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Sewing Tidbits

Sewing Tidbits is the sewing blog written since 2013 by Delphine, the co-founder of Just Patterns.

Filtering by Tag: lekala

From Inspiration to Garment - Part 3 - With a commercial pattern

Sewing Tidbits

Dear readers,It's the third part of my little serie and I want to talk about those times when you feel too lazy to draft or drape the pattern! For several years now (yes, several), I have been thinking about slip dresses. I was a teenager in the 90's so I will always be convinced that calvin klein epurated slip dresses are the coolest. Kate Moss and Rachel from Friends shaped my idea of style (for the best and the worst!!)! Twice a year, when the idea of making a bias slip would sudden become urgent, I'd frantically research patterns meant to be cut on the bias, take note of linings in some Vogue patterns and forget about it. Until next time. But not this time! Let's look at the inspiration first, all collected on Pinterest, with of course, queen Moss:
As stated before, some Vogue patterns include a slip which is meant to be cut on the bias. Carolyn of Handmade by Carolyn made a beautiful version. I myself own New Look 6244 but it's at my parents' house... in France... I actually made this dress 10 years ago but purposefully ignore the bias for the lining (so stubborn) because I did not see the point. Ahem Ahem... I have to admit that in my early sewing years, I was (still am) very stubborn and I did not see the point of many things . Those things included seam finishes, easing sleeves, aligning the grain, wearing ease and many more... Slowly but surely I integrated them in my sewing for the better!Bias silk dress by SewingTidbitsOne detail, I dislike in current Vogue slips such as 1287 is the bust dart. I was convinced I could get away without one since the bias could do the minimal shaping I require. I finally decided to go with the lining of Lekala 2021. It doesn't not specify that it's meant to be cut on the bias, (at least Google Translate does not say so) but since I got to start with a pattern customized to my measurement, so I figured it was worth it.Bias silk dress by SewingTidbitsMy first step was to do a toile. I used regular muslin even though my silk was going to be behave differently. I figured a "skin" tight fit on my form (slightly bigger than me) in muslin would result in appropriate amount in and the 2 layers of silk would have appropriate wearing ease on me. It was a bit risky but it worked! I also used the toile to check the neckline and position and measure the straps. I had to take in 1/2" from each side at the bust and waist, tapering to nothing at the hips and I made no changes to the neckline.http://instagram.com/p/3ERTPTGrMX/The most challenging part for me in working with with silk is cutting, especially on the bias. It takes forever and I'm always tempted to cut corners. However, this time I did not. I lied my 23mm silk crepe from Calamo New York on a first layer of paper, aligning the selvage with the straight edge of the paper to prevent distortion. I created a "marker", which is another layer of paper with all the pieces to be cut drawn in their cutting position. I added my "marker" on top and pinned between the pieces to avoid marking the silk. I then cut through the 3 layers. Bias silk dress by SewingTidbitsBias silk dress by SewingTidbitsI have an important piece of information that some of you may resist. It's OK to cut through paper with your fabric scissors! Yes... I know what the home sewing police says but really, you'll be fine! And it will actually dull your blades a lot less than cutting wool or tweed!!Bias silk dress by SewingTidbitsI stabilized both layers of the neckline with fusible strips and attached the sides with french seams. For a reason I cannot explain, sewing went well for the first pass of the french seam but my industrial Juki refused, yes refused (!!), to go through the second one with a repeated mess of skipped stitches. I was confused and about to cry but I decided to add a layer of paper on top of the seam and tear it off after stitching and it did the trick!Bias silk dress by SewingTidbitsFor the straps I used the method described by my friend E. on her blog. The only thing I would add would be to not be afraid to use a rather large strip of bias, such as 2.5 or 3" as the allowance will "fill" the tube. For the hem, on top of providing the tutorial, E. gifted my ban-roll. I don't know why I never tried before. Actually I do know why (see stubborness mentionned above) but I regret it deeply. This thing is absolutely AMAZING: perfect baby hem on silk. Every. Time.  No need to say more. I actually want to try it to hem shirts with it too!Bias silk dress by SewingTidbitsThat's it for my notes. I love love love the final dress and I wore it for my birthday (30... yikes). We went dining and dancing and I felt very comfortable in this simple yet dressed-up silhouette. I am now thinking of making a single layer one out of thicker black silk crepe. And tank tops, a lot of tank tops, I may have opened the pandora box of bias project! Do you have favorite patterns for bias cuts ? I would love to see what you recommend!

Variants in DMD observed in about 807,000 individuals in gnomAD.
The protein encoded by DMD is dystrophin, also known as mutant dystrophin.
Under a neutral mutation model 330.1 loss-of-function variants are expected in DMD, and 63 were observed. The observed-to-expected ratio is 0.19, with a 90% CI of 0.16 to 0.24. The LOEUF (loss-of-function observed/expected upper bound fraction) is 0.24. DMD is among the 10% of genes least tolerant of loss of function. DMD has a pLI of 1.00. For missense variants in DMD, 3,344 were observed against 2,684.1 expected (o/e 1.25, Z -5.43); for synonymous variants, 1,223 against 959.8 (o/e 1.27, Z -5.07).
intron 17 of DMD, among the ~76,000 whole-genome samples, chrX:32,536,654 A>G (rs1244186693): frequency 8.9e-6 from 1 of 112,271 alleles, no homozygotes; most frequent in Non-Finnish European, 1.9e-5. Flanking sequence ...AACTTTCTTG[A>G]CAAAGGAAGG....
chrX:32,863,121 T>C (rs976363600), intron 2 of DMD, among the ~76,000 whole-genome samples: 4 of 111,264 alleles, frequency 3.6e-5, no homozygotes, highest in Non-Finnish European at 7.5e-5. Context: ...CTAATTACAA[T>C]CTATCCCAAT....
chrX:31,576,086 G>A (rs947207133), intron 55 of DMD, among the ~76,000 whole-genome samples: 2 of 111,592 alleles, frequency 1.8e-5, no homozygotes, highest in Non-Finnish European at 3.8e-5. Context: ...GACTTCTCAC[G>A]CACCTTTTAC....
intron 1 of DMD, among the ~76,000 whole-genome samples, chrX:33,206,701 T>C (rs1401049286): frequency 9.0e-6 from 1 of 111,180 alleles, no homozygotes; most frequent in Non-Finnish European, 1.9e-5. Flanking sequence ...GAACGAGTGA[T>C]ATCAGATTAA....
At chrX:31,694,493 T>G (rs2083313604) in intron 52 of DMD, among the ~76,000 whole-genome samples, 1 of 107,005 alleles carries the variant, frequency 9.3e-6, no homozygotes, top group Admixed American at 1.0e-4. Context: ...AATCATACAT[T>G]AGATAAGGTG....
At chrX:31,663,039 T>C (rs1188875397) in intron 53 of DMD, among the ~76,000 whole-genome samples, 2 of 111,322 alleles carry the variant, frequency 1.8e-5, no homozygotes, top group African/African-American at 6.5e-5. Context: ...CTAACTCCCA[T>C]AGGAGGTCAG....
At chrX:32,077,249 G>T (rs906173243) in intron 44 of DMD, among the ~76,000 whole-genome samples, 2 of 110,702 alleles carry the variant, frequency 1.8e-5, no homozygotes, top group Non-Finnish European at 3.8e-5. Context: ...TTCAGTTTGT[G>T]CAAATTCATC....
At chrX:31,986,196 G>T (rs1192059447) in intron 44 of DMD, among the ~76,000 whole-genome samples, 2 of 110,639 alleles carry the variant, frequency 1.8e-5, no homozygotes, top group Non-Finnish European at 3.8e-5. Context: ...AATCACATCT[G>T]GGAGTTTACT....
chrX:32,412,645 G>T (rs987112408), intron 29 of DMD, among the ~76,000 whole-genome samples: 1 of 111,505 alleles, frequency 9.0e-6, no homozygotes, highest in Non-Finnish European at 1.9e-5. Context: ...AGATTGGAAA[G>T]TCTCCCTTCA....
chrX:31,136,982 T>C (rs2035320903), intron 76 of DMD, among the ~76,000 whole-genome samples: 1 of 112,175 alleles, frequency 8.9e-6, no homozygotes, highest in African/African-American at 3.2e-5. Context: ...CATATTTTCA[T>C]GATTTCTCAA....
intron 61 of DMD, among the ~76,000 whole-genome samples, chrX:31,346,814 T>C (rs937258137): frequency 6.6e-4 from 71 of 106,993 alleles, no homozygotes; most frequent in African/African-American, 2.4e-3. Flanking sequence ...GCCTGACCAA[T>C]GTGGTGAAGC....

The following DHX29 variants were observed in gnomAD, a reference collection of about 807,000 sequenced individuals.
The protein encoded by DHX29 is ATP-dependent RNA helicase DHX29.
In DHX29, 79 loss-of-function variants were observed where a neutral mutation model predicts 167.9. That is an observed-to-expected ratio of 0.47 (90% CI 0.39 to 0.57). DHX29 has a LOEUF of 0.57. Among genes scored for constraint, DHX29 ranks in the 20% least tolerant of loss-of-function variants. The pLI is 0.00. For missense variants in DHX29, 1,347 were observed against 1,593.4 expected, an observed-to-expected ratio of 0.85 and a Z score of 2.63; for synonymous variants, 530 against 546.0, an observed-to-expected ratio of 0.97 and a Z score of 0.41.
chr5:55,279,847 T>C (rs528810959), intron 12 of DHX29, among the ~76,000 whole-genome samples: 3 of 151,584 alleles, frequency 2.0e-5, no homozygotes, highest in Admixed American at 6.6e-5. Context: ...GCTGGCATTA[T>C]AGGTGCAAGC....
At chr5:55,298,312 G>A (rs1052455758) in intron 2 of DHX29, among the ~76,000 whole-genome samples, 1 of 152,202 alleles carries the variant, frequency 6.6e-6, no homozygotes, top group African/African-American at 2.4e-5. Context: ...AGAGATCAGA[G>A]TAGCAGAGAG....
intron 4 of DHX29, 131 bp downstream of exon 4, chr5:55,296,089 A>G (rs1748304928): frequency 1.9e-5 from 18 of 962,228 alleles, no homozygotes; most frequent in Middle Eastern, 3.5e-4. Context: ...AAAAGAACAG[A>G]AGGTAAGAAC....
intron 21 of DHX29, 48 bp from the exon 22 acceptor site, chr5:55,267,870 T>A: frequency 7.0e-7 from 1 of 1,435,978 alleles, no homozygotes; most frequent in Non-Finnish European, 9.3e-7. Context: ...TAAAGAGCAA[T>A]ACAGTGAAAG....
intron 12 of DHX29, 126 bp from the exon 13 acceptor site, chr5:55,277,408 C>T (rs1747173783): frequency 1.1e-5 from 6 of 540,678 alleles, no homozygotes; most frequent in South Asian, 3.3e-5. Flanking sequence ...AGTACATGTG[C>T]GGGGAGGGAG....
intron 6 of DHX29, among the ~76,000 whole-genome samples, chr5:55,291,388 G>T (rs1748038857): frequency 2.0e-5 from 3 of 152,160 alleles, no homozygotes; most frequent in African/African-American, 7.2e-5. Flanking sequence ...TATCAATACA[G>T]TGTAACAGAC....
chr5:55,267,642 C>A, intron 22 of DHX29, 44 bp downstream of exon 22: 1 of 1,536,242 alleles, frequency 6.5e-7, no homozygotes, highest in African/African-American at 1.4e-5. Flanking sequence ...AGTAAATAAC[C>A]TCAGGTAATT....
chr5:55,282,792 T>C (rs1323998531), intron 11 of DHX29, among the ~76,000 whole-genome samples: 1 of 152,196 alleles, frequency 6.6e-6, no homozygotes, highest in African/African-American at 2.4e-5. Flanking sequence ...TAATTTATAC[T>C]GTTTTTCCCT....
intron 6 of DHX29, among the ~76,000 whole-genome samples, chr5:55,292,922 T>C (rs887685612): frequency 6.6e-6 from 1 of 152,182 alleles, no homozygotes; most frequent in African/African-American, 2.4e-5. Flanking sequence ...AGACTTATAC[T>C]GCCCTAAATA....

Lekala 4362 - Michael Kors

Sewing Tidbits